LOOKING AT THE BIGGER PICTURE
- Imagine a special occasion or holiday. You have a special drink or glass of wine with dinner. You might think of this sort of alcohol use as helpful—it’s adding to a festive celebration.
- Another night, you go out with friends and have a bit too much to drink. You feel tired and run-down the next day, but otherwise don’t experience many negative consequences. If this situation is not a regular occurrence for you, alcohol may not be very helpful, but it also may not be very harmful.
Lately, you’ve been going out several nights a week. Alcohol is becoming a way to deal with stress at work, and it’s the only time you feel like you’re having fun. You may start to see more serious consequences—maybe you feel sick often, your employer is upset that you often come to work late, and you are getting into fights with your friends. In this situation, alcohol use is becoming more harmful.
Maybe you drink a lot or often, including by yourself. You’re spending too much money on alcohol, you’re missing a lot of work, and you have alienated important friends and family members. Perhaps you’re using alcohol in risky ways, like drinking and driving. This represents a serious problem, and you see serious consequences as a result of your drinking.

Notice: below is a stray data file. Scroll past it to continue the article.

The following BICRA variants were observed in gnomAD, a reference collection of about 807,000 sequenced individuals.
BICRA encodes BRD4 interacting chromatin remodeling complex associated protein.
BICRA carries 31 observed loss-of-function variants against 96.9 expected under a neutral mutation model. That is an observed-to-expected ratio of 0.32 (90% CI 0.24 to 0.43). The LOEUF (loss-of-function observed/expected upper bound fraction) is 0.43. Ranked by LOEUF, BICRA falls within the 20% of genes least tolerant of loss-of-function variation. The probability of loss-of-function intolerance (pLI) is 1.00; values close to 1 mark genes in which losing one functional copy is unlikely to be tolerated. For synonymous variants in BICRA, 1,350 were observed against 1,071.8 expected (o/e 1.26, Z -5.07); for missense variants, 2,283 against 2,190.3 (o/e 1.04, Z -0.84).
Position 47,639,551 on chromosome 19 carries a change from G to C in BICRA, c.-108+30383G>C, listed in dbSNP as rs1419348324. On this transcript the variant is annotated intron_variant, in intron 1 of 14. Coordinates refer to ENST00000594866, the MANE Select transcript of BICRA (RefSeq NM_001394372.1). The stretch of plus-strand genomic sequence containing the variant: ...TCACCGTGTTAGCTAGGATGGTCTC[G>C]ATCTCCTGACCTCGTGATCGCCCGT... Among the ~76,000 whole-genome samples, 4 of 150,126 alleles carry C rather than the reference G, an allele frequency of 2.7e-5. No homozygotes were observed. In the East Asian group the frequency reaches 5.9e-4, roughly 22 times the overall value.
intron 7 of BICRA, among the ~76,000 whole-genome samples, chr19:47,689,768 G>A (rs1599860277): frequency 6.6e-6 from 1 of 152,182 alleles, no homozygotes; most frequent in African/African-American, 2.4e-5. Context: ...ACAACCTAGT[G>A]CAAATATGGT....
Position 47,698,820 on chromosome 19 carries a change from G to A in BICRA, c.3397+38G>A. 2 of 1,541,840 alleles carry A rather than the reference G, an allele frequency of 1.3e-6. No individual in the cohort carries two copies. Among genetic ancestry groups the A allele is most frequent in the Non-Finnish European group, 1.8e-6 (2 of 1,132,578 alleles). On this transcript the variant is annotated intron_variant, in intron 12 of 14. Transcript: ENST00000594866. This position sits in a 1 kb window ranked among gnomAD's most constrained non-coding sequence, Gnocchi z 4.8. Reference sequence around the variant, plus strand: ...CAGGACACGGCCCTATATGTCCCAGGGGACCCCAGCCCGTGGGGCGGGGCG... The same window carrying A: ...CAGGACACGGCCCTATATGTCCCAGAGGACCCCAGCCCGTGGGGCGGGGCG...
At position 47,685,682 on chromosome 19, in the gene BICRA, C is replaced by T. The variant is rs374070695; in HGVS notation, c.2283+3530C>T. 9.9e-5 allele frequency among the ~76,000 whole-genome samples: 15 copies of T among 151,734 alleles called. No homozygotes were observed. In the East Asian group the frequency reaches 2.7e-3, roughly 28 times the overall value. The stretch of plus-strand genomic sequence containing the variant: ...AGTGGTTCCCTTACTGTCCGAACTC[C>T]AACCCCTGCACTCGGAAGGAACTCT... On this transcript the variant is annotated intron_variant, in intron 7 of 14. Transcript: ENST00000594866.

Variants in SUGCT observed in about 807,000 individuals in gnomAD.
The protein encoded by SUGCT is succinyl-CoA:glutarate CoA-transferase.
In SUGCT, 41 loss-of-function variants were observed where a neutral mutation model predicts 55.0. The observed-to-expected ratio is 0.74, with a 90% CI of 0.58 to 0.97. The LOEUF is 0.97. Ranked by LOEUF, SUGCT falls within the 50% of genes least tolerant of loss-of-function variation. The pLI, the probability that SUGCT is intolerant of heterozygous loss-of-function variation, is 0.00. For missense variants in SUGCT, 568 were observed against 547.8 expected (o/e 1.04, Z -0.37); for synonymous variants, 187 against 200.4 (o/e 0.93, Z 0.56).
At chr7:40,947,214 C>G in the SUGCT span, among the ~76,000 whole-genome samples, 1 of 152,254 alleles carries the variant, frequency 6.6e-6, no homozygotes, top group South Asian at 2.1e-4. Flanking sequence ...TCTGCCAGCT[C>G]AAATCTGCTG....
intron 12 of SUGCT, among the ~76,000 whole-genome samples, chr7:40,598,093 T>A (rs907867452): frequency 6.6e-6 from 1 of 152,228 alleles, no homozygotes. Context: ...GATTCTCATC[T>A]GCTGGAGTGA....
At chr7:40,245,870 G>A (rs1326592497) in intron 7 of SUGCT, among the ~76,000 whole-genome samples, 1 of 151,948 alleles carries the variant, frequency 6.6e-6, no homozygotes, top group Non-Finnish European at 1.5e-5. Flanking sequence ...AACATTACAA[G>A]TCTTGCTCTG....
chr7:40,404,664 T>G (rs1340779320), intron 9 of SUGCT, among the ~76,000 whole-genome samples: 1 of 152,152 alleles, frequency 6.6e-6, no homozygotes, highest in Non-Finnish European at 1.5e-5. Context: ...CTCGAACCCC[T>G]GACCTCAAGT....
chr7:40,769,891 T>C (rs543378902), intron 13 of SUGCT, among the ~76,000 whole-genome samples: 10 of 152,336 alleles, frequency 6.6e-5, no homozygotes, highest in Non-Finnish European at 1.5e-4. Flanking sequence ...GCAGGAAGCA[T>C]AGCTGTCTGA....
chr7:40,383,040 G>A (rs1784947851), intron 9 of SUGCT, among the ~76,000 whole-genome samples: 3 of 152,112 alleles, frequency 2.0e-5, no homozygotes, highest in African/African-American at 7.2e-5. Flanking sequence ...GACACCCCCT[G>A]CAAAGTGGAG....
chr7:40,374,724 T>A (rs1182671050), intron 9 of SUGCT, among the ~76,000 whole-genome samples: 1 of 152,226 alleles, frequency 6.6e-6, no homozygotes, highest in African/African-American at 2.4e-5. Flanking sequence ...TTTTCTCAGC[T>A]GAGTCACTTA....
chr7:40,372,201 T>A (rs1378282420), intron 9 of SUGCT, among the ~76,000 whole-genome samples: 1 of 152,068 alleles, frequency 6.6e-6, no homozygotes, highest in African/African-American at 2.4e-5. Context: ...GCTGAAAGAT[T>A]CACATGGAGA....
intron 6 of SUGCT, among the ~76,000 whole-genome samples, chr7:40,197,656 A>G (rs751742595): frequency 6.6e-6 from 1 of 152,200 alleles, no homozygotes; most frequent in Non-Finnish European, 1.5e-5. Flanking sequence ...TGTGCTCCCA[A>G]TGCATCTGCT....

The positive and negative outcomes are important—more important than the substance itself. If we look at people first, we can see that there are opportunities to help them take control of health or other goals no matter where they currently sit on the spectrum of substance use.
IF YOU ARE CONCERNED ABOUT YOUR SUBSTANCE USE
The idea that you must hit ‘rock bottom’ and experience serious consequences like losing your job or losing important relationships before you’re ready for help isn’t true. You can seek help or support any time you reflect on your own substance use and would like to make some changes. Some people may be able to deal with substance use problems on their own. Others may need some help, like a support group, psychotherapy or counselling, or medication. Some people may need a significant amount of help and support. And when it comes to treatments and supports, there are many different approaches and philosophies. That might mean self-reflection, a weekly meeting after work, or a stay at a residential treatment facility. Your treatment plan may include a combination of approaches at different times. If you’re not sure where to start, try talking with your doctor or health care provider. They can help you look at different options that fit your needs and your wishes.
IF YOU ARE CONCERNED ABOUT SOMEONE ELSE’S SUBSTANCE USE
It’s hard to remove all of the factors that might lead to substance use problems. Perhaps the best protection from using substances in a harmful way is feeling connected and supported by people and having the skills to cope with life’s challenges.